The Privileged Population of Technology & the Downturn of Manufacturing: What it Means for P2P Lending

Many new investable asset classes have emerged in the FinTech revolution, the most prominent of which might be peer-to-peer (P2P) lending, which allows retail investors to lend money directly to other individuals.  The yields are very attractive, ranging from 6% – 30%+ depending on credit quality and loan term (3-5 years), effectively allowing the average Joe to become a bank, democratizing the yield spreads that were once solely the domain of large financial institutions (think credit card interest rates that you can now charge someone else).  

So what’s the catch?  The loans are unsecured and can be used for any purpose.  If the debtor defaults, there is no collateral to buffer losses (you get back whatever a collection agency can recover).  The debtor can simply not pay and allow the default event to damage his/her credit rating.  So, while banks have large departments dedicated to credit analysis, allowing for robust credit modeling before loans are made, the retail investor relies on the FinTech platforms that have emerged to facilitate these loans, e.g., Lending Club, Prosper, etc.  If they model credit risk effectively, investors will benefit and vice versa.  However, they are new to this game and are being tested by recent socioeconomic developments.

As this article, Tech & Subprime Crunch, outlines, the services sector, especially technology, is driving job growth (over 3% in 2015, highest in a decade), while goods-producing manufacturing has contracted in recent years and is projected to remain stagnant through 2024, in spite of recent political momentum that suggests otherwise.  That’s led to an 8% increase in tech wages in ’15, thanks to increased demand, while manufacturing wages are at risk of stagnation or even decline.  It’s a diverse problem that becomes quite evident when one reviews the most common jobs by state, revealing that Truck Driver is the most common, with driving of all sorts employing 4.1 million people at the end of 2016.  Not only is truck driving a direct outgrowth of manufacturing, it’s at risk of being radically changed or eliminated via driverless technology (just as robotics endangers the assembly line worker)… Technology wins again!


What effect has the change in employment trends had on retail credit?  Default rates at the low end of the credit spectrum have increased, presumably as the less-skilled workers find jobs hard to secure and wages stagnant, coupled with moderate inflation, effectively decreasing their standard of living and putting additional strain on their debt burden.  P2P lending platforms have responded by increasing interest rates, primarily in the three lowest credit tiers per platform, from 2% – 6.3% in 2016.  One might argue that a higher interest burden on the shakiest credits isn’t a recipe for better debtor performance or increased net interest margin; perhaps more astute credit vetting is the better path.  But, again, these new P2P platforms are new to the racket of credit analysis, and there will be a learning curve as they improve their credit models and learn from their mistakes.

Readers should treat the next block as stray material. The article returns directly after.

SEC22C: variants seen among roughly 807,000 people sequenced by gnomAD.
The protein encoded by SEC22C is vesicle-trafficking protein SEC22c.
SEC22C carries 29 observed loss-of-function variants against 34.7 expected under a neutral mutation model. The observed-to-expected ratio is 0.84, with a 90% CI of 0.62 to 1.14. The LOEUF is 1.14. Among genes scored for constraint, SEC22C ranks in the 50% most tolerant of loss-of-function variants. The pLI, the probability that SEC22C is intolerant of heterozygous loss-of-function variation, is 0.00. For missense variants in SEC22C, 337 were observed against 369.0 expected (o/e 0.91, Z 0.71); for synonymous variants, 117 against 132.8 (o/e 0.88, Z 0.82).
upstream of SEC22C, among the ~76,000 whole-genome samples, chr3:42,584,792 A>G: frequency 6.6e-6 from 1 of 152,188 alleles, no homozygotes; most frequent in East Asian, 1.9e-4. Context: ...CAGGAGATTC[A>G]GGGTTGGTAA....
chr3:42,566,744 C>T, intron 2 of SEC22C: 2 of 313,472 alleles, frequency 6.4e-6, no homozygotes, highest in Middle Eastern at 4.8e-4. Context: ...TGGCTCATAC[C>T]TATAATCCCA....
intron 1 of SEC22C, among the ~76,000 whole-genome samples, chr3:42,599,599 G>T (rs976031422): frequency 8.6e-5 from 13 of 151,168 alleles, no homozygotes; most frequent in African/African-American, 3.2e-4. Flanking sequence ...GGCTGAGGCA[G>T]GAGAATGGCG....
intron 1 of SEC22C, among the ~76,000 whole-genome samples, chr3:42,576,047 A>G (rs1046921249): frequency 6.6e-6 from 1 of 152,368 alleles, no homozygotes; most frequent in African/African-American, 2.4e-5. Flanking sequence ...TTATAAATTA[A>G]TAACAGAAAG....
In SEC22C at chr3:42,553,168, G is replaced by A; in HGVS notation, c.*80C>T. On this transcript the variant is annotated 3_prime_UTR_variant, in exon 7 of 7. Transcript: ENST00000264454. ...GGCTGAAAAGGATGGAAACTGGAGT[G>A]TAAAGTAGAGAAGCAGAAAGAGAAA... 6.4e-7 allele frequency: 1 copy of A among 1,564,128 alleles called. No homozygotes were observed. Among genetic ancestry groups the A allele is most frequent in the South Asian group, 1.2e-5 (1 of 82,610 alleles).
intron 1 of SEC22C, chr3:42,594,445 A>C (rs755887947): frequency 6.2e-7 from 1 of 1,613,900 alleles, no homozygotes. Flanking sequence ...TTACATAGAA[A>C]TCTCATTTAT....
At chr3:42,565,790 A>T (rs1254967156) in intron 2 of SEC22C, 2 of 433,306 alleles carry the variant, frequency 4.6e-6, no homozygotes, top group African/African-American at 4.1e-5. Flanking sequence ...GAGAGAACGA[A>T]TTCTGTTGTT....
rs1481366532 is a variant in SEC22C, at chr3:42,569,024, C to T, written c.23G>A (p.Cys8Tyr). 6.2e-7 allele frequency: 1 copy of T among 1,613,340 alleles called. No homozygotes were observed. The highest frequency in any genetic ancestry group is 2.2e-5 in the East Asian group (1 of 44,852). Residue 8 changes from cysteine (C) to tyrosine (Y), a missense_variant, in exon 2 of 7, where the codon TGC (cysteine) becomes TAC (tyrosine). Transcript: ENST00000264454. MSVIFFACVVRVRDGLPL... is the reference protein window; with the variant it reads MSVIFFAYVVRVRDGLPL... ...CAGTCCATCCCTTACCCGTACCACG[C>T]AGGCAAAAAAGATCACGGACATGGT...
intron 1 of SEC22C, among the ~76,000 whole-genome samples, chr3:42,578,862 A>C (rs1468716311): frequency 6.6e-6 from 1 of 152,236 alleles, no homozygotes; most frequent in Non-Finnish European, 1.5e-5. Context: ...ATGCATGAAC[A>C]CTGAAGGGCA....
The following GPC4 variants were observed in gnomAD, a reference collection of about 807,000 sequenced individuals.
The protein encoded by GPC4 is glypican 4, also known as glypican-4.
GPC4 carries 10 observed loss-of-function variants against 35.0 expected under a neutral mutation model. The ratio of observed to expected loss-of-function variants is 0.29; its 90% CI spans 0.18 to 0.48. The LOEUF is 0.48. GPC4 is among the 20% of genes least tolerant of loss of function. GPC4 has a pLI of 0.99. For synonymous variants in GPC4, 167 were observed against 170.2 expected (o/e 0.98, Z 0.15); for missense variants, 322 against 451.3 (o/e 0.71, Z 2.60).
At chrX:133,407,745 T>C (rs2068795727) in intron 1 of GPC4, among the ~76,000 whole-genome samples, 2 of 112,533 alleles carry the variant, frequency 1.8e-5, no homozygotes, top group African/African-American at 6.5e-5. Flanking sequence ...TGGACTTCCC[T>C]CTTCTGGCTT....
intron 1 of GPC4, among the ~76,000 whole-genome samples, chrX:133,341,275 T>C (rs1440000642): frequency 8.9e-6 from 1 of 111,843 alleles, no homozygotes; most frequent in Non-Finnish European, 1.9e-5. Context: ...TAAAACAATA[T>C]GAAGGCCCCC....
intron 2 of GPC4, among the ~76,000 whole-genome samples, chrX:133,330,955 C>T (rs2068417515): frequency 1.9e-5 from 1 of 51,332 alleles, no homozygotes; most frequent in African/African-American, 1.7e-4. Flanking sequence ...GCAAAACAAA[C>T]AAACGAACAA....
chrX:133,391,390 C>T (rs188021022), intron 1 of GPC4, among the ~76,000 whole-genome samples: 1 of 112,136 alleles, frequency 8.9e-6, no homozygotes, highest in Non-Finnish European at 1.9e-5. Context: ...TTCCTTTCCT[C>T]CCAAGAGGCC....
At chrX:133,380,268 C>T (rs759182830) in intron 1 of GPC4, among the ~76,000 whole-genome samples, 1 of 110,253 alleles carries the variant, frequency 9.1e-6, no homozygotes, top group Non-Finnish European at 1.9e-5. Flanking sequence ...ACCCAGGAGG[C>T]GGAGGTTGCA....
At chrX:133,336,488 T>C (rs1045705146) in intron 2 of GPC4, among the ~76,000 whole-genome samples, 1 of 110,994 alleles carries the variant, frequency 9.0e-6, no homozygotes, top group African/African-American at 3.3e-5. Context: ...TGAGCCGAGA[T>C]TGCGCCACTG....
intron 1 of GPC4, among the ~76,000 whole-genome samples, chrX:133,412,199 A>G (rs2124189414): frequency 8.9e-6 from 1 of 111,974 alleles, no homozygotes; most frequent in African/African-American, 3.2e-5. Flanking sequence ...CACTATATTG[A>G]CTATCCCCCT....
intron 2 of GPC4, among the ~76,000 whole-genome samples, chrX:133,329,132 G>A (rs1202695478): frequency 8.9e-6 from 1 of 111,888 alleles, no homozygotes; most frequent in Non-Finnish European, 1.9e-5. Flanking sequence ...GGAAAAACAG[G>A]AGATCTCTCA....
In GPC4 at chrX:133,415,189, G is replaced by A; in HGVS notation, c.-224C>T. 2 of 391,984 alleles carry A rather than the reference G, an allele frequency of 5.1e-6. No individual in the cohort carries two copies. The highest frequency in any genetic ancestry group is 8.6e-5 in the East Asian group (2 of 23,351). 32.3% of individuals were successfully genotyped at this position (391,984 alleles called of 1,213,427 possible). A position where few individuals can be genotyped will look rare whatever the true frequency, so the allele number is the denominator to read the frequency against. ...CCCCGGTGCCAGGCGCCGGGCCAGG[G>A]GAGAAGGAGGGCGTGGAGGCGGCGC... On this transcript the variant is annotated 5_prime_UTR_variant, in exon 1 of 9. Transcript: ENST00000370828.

What’s the take-away for investors?  P2P investing is an attractive, relatively new asset class that expands the available universe of return drivers for retail investors (just 10 years ago, corporate and government bonds were the only choices for debt invesments), which may improve an investor’s risk/return profile.  But it’s not without its risks, macro-economically and operationally.  As the socioeconomic profile of America changes and the credit capacity and expertise of the P2P platforms evolves and matures, it’s best to take a conservative approach in one’s allocation.  Stick to the highest credit grades available on P2P, where the most credit-worthy borrowers reside (theoretically primarily in the expanding service sector), requiring less-robust credit modeling by these nascent platforms.  

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